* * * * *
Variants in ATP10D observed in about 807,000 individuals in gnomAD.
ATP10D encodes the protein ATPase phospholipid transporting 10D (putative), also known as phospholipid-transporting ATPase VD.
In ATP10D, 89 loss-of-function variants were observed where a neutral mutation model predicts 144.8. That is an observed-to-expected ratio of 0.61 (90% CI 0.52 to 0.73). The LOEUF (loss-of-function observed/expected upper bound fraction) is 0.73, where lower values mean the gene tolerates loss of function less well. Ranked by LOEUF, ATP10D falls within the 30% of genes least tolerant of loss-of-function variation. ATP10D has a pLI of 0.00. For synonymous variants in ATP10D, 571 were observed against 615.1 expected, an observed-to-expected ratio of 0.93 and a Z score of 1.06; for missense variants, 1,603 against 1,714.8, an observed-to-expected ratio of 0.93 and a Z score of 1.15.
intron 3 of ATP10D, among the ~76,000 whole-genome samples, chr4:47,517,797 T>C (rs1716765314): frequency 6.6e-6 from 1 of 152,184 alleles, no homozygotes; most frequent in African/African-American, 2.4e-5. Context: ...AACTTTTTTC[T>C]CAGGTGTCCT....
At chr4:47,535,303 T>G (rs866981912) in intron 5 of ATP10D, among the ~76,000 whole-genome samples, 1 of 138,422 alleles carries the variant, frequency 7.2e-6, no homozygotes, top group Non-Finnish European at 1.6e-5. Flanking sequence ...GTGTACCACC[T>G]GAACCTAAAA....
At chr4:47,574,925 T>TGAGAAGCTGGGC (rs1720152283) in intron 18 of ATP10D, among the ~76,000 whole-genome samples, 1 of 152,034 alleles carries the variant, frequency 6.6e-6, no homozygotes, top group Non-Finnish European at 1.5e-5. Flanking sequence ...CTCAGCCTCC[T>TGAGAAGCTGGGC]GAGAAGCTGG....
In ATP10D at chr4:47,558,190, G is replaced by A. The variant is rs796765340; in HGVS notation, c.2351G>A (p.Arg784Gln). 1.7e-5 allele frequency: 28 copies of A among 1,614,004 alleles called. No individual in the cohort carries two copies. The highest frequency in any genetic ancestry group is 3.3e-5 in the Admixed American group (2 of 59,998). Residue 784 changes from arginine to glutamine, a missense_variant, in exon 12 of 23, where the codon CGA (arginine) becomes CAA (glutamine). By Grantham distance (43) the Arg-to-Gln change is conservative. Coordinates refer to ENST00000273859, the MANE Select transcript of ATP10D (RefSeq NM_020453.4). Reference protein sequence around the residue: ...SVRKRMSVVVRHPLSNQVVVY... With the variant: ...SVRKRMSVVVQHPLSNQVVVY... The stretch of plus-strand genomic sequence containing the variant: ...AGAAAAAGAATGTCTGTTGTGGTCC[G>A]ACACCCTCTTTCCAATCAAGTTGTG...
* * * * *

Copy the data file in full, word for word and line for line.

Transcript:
Variants in ATP10D observed in about 807,000 individuals in gnomAD.
ATP10D encodes the protein ATPase phospholipid transporting 10D (putative), also known as phospholipid-transporting ATPase VD.
In ATP10D, 89 loss-of-function variants were observed where a neutral mutation model predicts 144.8. That is an observed-to-expected ratio of 0.61 (90% CI 0.52 to 0.73). The LOEUF (loss-of-function observed/expected upper bound fraction) is 0.73, where lower values mean the gene tolerates loss of function less well. Ranked by LOEUF, ATP10D falls within the 30% of genes least tolerant of loss-of-function variation. ATP10D has a pLI of 0.00. For synonymous variants in ATP10D, 571 were observed against 615.1 expected, an observed-to-expected ratio of 0.93 and a Z score of 1.06; for missense variants, 1,603 against 1,714.8, an observed-to-expected ratio of 0.93 and a Z score of 1.15.
intron 3 of ATP10D, among the ~76,000 whole-genome samples, chr4:47,517,797 T>C (rs1716765314): frequency 6.6e-6 from 1 of 152,184 alleles, no homozygotes; most frequent in African/African-American, 2.4e-5. Context: ...AACTTTTTTC[T>C]CAGGTGTCCT....
At chr4:47,535,303 T>G (rs866981912) in intron 5 of ATP10D, among the ~76,000 whole-genome samples, 1 of 138,422 alleles carries the variant, frequency 7.2e-6, no homozygotes, top group Non-Finnish European at 1.6e-5. Flanking sequence ...GTGTACCACC[T>G]GAACCTAAAA....
At chr4:47,574,925 T>TGAGAAGCTGGGC (rs1720152283) in intron 18 of ATP10D, among the ~76,000 whole-genome samples, 1 of 152,034 alleles carries the variant, frequency 6.6e-6, no homozygotes, top group Non-Finnish European at 1.5e-5. Flanking sequence ...CTCAGCCTCC[T>TGAGAAGCTGGGC]GAGAAGCTGG....
In ATP10D at chr4:47,558,190, G is replaced by A. The variant is rs796765340; in HGVS notation, c.2351G>A (p.Arg784Gln). 1.7e-5 allele frequency: 28 copies of A among 1,614,004 alleles called. No individual in the cohort carries two copies. The highest frequency in any genetic ancestry group is 3.3e-5 in the Admixed American group (2 of 59,998). Residue 784 changes from arginine to glutamine, a missense_variant, in exon 12 of 23, where the codon CGA (arginine) becomes CAA (glutamine). By Grantham distance (43) the Arg-to-Gln change is conservative. Coordinates refer to ENST00000273859, the MANE Select transcript of ATP10D (RefSeq NM_020453.4). Reference protein sequence around the residue: ...SVRKRMSVVVRHPLSNQVVVY... With the variant: ...SVRKRMSVVVQHPLSNQVVVY... The stretch of plus-strand genomic sequence containing the variant: ...AGAAAAAGAATGTCTGTTGTGGTCC[G>A]ACACCCTCTTTCCAATCAAGTTGTG...